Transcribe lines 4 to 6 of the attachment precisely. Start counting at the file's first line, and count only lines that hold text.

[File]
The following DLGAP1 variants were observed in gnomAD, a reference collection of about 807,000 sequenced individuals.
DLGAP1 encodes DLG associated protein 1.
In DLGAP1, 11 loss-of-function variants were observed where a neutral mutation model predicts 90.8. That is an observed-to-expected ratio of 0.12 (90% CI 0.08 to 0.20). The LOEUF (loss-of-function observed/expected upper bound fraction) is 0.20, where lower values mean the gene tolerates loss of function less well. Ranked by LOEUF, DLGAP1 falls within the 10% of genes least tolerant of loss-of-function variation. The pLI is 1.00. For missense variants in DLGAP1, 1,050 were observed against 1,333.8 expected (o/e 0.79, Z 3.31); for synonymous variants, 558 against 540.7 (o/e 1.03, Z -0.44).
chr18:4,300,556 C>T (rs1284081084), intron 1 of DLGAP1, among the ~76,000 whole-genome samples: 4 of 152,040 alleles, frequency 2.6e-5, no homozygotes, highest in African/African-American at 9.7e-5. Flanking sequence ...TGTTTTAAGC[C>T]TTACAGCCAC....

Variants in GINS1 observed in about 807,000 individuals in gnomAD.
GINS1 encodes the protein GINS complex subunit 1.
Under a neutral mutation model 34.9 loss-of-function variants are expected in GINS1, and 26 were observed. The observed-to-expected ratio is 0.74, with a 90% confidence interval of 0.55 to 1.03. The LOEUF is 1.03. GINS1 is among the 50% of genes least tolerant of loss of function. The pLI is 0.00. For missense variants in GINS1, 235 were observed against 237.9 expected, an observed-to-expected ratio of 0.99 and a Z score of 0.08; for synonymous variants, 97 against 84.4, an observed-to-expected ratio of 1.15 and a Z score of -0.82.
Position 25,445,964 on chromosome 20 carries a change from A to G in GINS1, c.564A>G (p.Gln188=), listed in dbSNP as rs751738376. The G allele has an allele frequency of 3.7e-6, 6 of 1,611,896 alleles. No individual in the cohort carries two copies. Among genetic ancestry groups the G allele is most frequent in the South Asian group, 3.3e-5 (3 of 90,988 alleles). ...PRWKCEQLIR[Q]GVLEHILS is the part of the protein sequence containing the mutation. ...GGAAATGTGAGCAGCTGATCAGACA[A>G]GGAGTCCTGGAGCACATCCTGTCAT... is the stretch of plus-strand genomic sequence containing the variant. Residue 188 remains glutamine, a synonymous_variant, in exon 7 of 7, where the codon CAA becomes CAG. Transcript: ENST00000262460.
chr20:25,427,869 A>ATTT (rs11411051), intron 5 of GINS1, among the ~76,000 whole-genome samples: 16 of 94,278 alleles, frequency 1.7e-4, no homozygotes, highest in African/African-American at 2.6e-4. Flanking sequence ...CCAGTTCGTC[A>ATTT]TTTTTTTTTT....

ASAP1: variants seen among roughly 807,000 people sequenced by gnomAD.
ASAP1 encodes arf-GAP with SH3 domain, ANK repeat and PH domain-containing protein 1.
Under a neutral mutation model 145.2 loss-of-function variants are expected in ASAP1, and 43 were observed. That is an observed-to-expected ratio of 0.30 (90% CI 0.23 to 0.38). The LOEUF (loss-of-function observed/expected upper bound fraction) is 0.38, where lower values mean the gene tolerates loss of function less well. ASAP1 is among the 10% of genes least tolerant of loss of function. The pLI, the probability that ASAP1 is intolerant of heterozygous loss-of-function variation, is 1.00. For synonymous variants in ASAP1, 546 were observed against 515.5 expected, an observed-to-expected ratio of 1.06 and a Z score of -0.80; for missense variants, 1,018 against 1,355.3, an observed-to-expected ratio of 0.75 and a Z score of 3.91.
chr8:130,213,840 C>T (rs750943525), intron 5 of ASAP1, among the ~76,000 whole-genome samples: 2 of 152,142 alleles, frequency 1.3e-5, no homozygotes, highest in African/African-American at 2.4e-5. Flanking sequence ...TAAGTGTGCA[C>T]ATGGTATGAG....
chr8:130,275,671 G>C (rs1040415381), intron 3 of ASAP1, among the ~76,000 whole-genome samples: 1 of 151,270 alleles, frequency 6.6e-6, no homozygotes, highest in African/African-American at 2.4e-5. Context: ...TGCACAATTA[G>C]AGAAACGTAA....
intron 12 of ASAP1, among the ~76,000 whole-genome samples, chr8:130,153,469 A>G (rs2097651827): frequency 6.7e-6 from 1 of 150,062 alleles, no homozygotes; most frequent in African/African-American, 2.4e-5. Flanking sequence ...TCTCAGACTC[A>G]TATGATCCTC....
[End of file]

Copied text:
chr18:4,300,556 C>T (rs1284081084), intron 1 of DLGAP1, among the ~76,000 whole-genome samples: 4 of 152,040 alleles, frequency 2.6e-5, no homozygotes, highest in African/African-American at 9.7e-5. Flanking sequence ...TGTTTTAAGC[C>T]TTACAGCCAC....

Variants in GINS1 observed in about 807,000 individuals in gnomAD.
GINS1 encodes the protein GINS complex subunit 1.